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Puppies in prison benefit the community

Hon Anne Tolley
Minister of Corrections

13 March 2012

Puppies in prison benefit the community

Corrections Minister Anne Tolley says the Puppies in Prison programme, launched today at Spring Hill Corrections Facility, will reduce reoffending and lead to increased numbers of mobility dogs trained to help people living with disabilities.

“The programme, undertaken in partnership with the Mobility Assistance Dogs Trust, will see a number of low-security prisoners provide full-time training for mobility dogs, which will go on to assist people living with disabilities,” says Mrs Tolley.

“This programme is the first of its kind in a male prison in New Zealand, and follows the success of a similar programme at Auckland Region Women’s Corrections Facility, in place since 2009.

“Prisoners involved in the programme have developed important skills such as empathy, trust, and a sense of responsibility and we have seen a real improvement in behaviour and attitude.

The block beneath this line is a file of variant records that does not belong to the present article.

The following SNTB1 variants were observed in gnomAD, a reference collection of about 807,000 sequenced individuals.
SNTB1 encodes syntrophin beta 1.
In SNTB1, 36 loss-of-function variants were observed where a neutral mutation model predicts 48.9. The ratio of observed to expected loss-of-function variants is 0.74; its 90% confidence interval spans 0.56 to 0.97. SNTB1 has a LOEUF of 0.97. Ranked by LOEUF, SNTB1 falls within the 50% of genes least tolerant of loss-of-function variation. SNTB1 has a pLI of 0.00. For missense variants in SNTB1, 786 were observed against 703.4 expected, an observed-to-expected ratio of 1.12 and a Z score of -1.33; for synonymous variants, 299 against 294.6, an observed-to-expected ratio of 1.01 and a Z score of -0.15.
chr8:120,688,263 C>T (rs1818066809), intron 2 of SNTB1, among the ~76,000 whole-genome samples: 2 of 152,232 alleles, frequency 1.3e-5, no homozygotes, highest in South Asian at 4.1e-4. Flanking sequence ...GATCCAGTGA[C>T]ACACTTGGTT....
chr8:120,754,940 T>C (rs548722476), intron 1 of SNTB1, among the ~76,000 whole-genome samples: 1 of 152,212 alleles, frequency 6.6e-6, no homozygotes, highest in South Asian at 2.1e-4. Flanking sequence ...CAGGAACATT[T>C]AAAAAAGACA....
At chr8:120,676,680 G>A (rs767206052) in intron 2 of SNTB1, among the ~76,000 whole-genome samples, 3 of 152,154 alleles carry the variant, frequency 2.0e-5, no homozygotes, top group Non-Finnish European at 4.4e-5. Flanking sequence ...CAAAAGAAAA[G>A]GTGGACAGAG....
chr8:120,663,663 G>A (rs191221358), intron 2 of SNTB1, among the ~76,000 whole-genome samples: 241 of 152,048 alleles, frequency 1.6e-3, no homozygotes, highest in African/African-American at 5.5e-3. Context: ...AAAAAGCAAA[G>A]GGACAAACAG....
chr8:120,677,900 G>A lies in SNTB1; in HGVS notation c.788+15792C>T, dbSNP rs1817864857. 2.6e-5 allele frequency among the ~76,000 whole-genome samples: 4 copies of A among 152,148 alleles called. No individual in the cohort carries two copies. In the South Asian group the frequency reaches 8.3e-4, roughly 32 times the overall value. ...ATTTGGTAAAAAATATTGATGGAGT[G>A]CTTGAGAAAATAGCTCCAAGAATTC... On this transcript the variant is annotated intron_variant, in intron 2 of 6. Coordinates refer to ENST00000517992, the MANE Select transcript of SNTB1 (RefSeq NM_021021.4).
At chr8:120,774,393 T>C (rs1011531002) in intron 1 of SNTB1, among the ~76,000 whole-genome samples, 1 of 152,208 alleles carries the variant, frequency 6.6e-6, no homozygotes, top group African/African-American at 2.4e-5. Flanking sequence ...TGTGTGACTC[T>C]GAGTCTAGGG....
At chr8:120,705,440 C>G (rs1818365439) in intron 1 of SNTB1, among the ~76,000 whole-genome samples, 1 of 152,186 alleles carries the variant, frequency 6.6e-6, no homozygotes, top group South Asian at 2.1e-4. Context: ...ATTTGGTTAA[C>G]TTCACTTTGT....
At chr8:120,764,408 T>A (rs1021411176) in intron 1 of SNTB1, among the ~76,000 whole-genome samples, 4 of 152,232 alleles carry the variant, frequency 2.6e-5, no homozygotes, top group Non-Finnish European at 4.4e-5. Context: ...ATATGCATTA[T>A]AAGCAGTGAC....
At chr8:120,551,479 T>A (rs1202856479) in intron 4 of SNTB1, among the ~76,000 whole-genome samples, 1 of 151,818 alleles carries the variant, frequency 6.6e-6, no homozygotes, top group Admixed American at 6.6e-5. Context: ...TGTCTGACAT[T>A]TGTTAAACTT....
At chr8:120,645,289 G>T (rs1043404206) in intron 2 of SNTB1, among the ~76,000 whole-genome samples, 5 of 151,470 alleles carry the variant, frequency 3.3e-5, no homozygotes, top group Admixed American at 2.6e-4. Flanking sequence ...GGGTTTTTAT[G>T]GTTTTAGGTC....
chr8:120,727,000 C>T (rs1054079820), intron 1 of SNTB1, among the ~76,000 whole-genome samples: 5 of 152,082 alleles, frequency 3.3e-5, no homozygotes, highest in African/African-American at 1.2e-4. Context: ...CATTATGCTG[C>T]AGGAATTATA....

“Research into similar programmes overseas shows that this kind of rehabilitation ultimately leads to reductions in reoffending and fewer victims of crime.

“We expect to see the same results at Spring Hill. The dogs require full-time care and will be trained to respond to around 50 commands, like opening and closing doors, passing objects and even sorting the washing.

“These dogs make a huge difference to the lives of disabled people and there is currently a huge waiting list for mobility dogs. We have found that the puppies trained at Auckland Women’s compare really well with those trained out in the community.

“The programme will also allow these prisoners to repay their debt to society and make a real difference to the lives of New Zealanders.”

The Trust places the puppies in the prison and will provide continued oversight of the training.


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